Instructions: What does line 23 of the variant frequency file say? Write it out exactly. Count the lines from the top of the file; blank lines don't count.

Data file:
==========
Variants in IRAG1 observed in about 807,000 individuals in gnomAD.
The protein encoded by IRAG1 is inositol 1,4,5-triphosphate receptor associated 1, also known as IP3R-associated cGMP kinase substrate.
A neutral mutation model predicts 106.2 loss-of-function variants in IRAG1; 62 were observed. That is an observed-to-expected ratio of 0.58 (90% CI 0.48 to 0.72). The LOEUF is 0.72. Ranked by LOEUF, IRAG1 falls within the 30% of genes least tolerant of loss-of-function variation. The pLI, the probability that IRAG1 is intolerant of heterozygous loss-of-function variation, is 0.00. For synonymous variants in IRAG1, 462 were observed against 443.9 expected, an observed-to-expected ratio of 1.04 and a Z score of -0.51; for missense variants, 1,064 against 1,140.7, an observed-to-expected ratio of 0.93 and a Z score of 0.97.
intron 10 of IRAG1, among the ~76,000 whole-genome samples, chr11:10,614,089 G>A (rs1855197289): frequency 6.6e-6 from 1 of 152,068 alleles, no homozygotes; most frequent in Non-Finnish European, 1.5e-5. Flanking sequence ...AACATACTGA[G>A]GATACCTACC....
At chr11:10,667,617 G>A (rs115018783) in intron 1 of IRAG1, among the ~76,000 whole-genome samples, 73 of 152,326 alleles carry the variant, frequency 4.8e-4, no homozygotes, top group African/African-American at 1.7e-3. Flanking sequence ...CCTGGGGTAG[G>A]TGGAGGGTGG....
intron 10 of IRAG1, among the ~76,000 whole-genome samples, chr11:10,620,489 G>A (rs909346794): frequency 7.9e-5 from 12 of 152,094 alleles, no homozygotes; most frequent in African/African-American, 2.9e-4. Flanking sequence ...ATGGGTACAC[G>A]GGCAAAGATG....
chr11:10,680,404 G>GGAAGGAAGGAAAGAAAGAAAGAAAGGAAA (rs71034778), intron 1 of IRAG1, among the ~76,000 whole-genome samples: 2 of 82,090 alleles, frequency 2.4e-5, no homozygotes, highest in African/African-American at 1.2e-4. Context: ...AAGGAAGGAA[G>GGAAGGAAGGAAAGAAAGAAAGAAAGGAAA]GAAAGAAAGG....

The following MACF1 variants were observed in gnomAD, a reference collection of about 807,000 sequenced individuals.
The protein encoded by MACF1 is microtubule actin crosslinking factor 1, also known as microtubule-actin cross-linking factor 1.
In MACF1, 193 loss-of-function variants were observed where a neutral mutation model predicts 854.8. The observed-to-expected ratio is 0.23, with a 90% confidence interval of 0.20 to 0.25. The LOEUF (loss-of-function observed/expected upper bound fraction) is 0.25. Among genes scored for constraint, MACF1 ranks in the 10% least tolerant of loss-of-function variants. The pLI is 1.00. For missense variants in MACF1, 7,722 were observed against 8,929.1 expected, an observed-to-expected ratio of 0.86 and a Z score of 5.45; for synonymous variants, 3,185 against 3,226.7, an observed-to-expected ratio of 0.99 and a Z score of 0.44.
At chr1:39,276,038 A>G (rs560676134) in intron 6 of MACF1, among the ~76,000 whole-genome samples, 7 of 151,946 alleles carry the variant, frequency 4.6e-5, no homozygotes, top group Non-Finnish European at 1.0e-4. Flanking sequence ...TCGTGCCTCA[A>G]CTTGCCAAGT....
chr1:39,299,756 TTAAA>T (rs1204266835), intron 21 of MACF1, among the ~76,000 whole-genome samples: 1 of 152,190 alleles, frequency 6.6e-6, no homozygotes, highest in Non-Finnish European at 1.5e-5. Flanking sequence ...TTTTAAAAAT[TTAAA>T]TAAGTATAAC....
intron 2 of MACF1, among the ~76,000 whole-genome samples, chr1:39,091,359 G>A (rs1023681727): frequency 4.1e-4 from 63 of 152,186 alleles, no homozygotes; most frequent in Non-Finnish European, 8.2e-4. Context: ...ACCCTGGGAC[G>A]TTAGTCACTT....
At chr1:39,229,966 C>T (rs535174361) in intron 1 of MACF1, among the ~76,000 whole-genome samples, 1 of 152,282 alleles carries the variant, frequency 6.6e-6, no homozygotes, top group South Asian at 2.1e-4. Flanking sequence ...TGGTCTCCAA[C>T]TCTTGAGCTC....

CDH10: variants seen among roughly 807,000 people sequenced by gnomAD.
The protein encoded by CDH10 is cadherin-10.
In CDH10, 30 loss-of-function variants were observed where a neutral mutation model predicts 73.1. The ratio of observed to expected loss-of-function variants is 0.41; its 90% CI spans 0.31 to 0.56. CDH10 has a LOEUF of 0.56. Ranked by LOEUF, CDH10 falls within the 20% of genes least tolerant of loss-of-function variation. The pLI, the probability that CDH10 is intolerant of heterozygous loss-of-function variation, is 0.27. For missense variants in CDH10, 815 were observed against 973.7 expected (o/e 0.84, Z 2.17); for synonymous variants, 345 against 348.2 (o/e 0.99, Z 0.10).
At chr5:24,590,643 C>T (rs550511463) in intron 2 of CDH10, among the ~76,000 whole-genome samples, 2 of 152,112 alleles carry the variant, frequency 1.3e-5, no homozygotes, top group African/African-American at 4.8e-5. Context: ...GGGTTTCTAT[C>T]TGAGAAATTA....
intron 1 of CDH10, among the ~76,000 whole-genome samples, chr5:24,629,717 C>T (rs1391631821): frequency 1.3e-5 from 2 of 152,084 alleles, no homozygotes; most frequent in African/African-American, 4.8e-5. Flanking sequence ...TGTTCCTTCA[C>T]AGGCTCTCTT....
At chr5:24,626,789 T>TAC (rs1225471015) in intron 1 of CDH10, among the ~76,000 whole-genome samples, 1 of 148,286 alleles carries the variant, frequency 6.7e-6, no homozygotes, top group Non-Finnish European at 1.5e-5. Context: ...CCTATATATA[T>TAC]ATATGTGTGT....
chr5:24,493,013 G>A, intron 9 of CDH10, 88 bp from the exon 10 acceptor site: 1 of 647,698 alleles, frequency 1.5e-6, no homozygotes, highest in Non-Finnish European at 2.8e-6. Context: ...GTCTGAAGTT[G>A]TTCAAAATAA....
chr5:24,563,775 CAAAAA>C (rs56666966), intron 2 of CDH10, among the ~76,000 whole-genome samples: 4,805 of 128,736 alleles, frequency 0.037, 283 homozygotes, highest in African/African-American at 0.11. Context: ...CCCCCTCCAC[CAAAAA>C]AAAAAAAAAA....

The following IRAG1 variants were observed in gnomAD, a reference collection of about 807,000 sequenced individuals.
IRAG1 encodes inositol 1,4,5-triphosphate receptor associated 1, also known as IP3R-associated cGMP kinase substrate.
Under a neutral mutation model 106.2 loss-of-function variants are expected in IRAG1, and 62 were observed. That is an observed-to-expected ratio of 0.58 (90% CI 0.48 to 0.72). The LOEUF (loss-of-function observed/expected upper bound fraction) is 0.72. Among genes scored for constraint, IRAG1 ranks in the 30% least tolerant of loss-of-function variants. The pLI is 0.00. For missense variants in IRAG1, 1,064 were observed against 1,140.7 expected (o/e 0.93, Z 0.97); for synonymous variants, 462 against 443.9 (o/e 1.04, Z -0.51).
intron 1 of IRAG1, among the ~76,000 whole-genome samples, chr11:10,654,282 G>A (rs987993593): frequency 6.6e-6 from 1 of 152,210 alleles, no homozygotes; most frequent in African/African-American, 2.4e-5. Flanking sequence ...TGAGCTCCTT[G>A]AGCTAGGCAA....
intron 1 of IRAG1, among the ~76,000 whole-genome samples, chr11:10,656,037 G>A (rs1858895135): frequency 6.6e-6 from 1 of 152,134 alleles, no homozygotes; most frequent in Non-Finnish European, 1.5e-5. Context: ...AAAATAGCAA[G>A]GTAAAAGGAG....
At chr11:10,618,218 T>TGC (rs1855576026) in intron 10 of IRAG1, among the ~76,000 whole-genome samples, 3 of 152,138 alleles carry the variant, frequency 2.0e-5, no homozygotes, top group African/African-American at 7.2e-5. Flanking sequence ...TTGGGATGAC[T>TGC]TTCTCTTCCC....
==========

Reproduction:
The following IRAG1 variants were observed in gnomAD, a reference collection of about 807,000 sequenced individuals.